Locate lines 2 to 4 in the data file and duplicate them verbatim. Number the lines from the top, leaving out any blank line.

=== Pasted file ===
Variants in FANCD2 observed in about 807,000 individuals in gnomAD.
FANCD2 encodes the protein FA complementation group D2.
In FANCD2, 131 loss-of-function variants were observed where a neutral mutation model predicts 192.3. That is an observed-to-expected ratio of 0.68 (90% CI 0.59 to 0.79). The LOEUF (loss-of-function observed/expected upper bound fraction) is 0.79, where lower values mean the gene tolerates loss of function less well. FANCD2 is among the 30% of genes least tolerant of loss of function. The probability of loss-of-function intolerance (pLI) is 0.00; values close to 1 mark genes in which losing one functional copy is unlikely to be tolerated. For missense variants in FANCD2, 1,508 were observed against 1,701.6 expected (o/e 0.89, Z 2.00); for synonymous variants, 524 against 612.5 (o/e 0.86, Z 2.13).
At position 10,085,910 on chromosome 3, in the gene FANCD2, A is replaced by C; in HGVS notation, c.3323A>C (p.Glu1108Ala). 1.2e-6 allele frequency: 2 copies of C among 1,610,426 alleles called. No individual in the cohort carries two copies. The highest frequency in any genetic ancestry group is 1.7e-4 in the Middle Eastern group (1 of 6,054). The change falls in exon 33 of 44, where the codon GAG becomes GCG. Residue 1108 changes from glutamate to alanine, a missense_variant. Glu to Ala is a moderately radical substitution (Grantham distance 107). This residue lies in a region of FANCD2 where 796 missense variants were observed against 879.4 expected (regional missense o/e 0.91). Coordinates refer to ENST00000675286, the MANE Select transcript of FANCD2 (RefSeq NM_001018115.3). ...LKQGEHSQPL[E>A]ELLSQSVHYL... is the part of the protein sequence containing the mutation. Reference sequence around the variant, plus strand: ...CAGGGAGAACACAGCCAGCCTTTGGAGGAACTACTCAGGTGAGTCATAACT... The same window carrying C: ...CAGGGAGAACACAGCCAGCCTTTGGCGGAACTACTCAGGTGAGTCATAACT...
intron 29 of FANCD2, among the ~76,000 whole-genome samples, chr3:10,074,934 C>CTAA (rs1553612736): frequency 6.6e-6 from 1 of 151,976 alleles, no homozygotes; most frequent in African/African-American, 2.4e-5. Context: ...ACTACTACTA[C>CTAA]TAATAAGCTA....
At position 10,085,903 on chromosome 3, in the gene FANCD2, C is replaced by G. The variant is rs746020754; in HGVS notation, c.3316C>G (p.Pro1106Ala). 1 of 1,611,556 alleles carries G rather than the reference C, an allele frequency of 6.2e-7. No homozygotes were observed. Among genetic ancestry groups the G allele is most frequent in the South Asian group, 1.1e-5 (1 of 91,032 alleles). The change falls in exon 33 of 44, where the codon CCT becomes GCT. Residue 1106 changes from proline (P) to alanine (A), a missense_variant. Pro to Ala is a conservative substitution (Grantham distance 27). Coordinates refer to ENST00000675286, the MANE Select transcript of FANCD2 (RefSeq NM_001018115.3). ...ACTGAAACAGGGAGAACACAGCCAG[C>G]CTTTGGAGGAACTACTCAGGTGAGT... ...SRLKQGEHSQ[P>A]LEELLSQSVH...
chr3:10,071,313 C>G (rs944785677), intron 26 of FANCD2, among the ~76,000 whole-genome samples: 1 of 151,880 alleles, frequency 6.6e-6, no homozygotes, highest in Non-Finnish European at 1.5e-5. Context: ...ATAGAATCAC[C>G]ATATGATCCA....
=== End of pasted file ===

FANCD2 encodes the protein FA complementation group D2.
In FANCD2, 131 loss-of-function variants were observed where a neutral mutation model predicts 192.3. That is an observed-to-expected ratio of 0.68 (90% CI 0.59 to 0.79). The LOEUF (loss-of-function observed/expected upper bound fraction) is 0.79, where lower values mean the gene tolerates loss of function less well. FANCD2 is among the 30% of genes least tolerant of loss of function. The probability of loss-of-function intolerance (pLI) is 0.00; values close to 1 mark genes in which losing one functional copy is unlikely to be tolerated. For missense variants in FANCD2, 1,508 were observed against 1,701.6 expected (o/e 0.89, Z 2.00); for synonymous variants, 524 against 612.5 (o/e 0.86, Z 2.13).
At position 10,085,910 on chromosome 3, in the gene FANCD2, A is replaced by C; in HGVS notation, c.3323A>C (p.Glu1108Ala). 1.2e-6 allele frequency: 2 copies of C among 1,610,426 alleles called. No individual in the cohort carries two copies. The highest frequency in any genetic ancestry group is 1.7e-4 in the Middle Eastern group (1 of 6,054). The change falls in exon 33 of 44, where the codon GAG becomes GCG. Residue 1108 changes from glutamate to alanine, a missense_variant. Glu to Ala is a moderately radical substitution (Grantham distance 107). This residue lies in a region of FANCD2 where 796 missense variants were observed against 879.4 expected (regional missense o/e 0.91). Coordinates refer to ENST00000675286, the MANE Select transcript of FANCD2 (RefSeq NM_001018115.3). ...LKQGEHSQPL[E>A]ELLSQSVHYL... is the part of the protein sequence containing the mutation. Reference sequence around the variant, plus strand: ...CAGGGAGAACACAGCCAGCCTTTGGAGGAACTACTCAGGTGAGTCATAACT... The same window carrying C: ...CAGGGAGAACACAGCCAGCCTTTGGCGGAACTACTCAGGTGAGTCATAACT...